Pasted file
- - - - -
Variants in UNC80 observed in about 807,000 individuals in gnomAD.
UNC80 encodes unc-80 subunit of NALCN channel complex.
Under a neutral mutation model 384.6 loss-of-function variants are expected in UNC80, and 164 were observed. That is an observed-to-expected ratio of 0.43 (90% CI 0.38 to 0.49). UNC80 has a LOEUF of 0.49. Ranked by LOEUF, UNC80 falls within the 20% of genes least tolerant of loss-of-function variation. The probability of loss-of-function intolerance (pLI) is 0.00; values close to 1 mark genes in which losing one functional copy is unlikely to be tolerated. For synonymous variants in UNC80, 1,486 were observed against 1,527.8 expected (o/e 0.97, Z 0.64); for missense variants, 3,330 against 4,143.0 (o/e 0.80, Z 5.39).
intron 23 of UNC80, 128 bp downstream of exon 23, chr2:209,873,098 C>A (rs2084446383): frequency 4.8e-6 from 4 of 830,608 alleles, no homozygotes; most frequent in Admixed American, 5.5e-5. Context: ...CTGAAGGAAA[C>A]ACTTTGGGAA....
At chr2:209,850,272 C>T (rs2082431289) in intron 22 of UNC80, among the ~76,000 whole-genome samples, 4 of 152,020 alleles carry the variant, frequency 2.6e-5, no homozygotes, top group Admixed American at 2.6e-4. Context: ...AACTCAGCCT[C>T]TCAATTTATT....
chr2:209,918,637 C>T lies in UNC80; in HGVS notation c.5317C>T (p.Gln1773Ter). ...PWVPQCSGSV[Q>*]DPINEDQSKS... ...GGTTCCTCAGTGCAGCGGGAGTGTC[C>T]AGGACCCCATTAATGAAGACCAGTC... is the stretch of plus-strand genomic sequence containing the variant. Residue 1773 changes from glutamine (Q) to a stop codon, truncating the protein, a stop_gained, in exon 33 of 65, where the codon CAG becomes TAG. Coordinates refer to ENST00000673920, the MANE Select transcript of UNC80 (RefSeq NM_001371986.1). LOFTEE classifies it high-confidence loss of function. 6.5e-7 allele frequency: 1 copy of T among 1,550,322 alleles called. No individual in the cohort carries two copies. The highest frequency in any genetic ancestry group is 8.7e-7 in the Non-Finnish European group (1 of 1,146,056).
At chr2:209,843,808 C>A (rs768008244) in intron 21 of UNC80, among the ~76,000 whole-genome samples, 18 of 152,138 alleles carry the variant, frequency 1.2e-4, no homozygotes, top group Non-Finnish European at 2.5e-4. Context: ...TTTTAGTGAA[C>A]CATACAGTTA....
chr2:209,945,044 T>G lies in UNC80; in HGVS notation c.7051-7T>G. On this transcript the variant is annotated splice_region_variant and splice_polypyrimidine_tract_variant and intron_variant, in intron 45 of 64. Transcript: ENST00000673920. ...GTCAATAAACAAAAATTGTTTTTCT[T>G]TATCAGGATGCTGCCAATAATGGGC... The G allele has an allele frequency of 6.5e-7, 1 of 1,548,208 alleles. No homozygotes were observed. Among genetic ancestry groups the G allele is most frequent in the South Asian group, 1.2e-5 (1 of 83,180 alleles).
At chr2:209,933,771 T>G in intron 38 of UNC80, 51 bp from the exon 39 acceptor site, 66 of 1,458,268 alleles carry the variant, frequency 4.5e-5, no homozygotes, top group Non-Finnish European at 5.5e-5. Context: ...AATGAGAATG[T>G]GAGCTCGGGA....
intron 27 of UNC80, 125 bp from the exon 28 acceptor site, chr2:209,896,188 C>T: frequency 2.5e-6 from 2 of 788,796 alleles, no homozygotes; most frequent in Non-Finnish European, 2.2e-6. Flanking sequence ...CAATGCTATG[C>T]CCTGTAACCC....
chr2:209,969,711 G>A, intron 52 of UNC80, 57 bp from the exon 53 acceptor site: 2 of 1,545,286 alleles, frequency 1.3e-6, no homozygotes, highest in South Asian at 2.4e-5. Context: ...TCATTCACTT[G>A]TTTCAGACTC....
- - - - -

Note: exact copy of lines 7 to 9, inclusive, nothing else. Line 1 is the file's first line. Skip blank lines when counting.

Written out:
At chr2:209,843,808 C>A (rs768008244) in intron 21 of UNC80, among the ~76,000 whole-genome samples, 18 of 152,138 alleles carry the variant, frequency 1.2e-4, no homozygotes, top group Non-Finnish European at 2.5e-4. Context: ...TTTTAGTGAA[C>A]CATACAGTTA....
chr2:209,945,044 T>G lies in UNC80; in HGVS notation c.7051-7T>G. On this transcript the variant is annotated splice_region_variant and splice_polypyrimidine_tract_variant and intron_variant, in intron 45 of 64. Transcript: ENST00000673920. ...GTCAATAAACAAAAATTGTTTTTCT[T>G]TATCAGGATGCTGCCAATAATGGGC... The G allele has an allele frequency of 6.5e-7, 1 of 1,548,208 alleles. No homozygotes were observed. Among genetic ancestry groups the G allele is most frequent in the South Asian group, 1.2e-5 (1 of 83,180 alleles).
At chr2:209,933,771 T>G in intron 38 of UNC80, 51 bp from the exon 39 acceptor site, 66 of 1,458,268 alleles carry the variant, frequency 4.5e-5, no homozygotes, top group Non-Finnish European at 5.5e-5. Context: ...AATGAGAATG[T>G]GAGCTCGGGA....